Immunological safety studies are vital to ensure patient safety throughout development release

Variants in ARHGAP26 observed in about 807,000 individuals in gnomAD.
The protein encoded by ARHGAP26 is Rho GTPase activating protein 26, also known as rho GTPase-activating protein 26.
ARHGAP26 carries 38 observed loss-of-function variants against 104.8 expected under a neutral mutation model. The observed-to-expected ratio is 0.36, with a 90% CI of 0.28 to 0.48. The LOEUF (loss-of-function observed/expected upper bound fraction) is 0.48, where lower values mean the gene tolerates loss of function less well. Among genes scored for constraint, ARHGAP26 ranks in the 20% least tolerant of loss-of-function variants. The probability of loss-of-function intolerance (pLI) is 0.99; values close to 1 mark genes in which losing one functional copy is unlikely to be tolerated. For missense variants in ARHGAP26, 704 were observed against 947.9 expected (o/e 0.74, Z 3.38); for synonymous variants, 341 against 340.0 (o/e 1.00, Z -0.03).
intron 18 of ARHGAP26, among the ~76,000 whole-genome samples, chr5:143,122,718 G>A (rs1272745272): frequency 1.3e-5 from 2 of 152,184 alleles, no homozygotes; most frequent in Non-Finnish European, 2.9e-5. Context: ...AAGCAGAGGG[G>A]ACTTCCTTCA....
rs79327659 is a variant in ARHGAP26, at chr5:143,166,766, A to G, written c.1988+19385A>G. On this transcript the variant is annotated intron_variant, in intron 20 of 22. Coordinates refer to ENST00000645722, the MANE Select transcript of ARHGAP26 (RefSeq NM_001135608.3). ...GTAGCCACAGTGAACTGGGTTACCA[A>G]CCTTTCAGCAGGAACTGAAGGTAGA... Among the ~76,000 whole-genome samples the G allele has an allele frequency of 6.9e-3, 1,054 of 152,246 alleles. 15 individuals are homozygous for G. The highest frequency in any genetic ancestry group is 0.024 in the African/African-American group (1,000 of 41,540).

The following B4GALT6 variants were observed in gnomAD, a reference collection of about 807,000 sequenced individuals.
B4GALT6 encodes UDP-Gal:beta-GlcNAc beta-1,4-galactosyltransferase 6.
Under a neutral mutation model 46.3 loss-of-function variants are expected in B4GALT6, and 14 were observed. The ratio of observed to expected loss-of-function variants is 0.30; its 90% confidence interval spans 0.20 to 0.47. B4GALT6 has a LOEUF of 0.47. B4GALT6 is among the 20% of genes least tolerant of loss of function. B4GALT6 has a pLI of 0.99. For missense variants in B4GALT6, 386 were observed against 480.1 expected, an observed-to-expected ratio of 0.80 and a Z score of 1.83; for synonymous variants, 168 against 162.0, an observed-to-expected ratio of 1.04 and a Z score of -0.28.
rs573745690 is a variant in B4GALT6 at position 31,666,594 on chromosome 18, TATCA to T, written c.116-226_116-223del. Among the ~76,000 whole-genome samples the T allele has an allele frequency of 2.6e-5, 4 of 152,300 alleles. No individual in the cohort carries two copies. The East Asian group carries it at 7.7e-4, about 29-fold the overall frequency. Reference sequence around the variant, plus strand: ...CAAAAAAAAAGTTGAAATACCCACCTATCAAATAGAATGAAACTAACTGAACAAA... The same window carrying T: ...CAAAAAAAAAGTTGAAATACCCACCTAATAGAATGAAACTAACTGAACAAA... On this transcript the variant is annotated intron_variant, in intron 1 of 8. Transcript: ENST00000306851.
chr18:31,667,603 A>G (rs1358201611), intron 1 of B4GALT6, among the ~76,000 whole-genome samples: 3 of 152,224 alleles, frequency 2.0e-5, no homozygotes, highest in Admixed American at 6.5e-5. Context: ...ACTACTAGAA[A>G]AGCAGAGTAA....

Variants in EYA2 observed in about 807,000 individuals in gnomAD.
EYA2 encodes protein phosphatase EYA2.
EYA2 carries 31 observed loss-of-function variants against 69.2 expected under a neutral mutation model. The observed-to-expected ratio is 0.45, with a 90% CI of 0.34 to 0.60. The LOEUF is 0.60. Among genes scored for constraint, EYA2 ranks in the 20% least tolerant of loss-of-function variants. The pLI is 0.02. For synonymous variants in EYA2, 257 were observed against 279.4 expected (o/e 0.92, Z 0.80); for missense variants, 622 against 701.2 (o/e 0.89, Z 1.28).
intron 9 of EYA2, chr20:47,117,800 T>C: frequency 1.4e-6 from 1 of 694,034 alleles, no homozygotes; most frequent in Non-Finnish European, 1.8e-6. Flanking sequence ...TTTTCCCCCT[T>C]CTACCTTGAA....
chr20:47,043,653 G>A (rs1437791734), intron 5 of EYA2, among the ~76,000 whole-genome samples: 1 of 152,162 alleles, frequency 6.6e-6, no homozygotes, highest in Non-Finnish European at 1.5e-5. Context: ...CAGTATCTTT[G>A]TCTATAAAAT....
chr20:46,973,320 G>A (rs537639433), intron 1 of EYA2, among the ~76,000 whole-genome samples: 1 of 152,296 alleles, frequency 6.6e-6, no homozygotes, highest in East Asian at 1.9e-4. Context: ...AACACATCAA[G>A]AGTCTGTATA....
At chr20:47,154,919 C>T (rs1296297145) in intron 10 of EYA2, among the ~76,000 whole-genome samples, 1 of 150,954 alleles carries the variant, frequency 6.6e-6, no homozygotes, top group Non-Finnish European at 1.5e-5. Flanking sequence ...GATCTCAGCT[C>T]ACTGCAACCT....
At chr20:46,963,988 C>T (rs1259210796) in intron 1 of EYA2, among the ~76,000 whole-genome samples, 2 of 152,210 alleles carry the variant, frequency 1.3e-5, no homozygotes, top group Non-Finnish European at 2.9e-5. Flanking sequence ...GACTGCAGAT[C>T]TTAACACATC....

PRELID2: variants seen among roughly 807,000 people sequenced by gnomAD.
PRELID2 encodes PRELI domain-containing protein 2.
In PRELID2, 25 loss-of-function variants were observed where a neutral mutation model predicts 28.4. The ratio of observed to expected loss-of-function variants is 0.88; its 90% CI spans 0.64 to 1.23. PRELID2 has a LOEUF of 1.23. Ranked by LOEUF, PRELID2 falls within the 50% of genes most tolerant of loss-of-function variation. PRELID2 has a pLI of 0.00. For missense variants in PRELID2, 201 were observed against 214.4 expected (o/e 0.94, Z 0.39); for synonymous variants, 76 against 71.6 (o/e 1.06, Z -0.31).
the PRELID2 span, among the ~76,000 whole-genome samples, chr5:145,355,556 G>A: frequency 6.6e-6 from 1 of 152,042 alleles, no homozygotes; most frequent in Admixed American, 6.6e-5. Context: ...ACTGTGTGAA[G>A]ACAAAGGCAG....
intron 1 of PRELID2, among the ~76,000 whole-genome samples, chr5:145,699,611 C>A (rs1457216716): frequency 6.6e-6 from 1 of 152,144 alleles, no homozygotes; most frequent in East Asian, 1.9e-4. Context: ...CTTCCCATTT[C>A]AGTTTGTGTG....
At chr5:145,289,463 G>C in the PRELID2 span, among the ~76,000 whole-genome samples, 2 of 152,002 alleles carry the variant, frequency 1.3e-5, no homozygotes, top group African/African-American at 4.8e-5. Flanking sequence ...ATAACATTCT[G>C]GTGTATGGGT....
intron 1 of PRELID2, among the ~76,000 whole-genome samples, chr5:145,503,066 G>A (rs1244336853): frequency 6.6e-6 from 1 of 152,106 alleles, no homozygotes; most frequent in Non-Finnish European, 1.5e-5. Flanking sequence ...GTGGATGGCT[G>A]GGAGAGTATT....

Many of the immunomodulatory effects of mAbs are desirable and clinically efficious. However, activation or suppression/depletion of non-target immune cells and mediators, or permanent non-reversible changes to immune target cells/pathways, or any unintended sequelae of the intended pharmacology, e.g., cell and tissue injury, inflammation, 'cytokine storms,' tumor lysis syndrome, infection and cancer, autoimmunity, hypersensitivity, would be considered to be or reflect immunotoxicity. These often adverse consequences can result from exaggerated or prolonged activity of the mAb binding to the desired target antigen on the desired target cells/mediators, modulating a target with pleiotropic immune functions, including those whose modification is not required for therapeutic benefit, or modulating a target that is also expressed on non-immune cells or other immune cells besides those that are the intended therapeutic focus. Some of these immunological safety concerns can be reduced or circumvented by rational mAb design, e.g., through the use of an 'inert' IgG isotype with little or no effector function, or by screening mAb candidates for reduced cytokine release, DC activation and immunogenicity potential.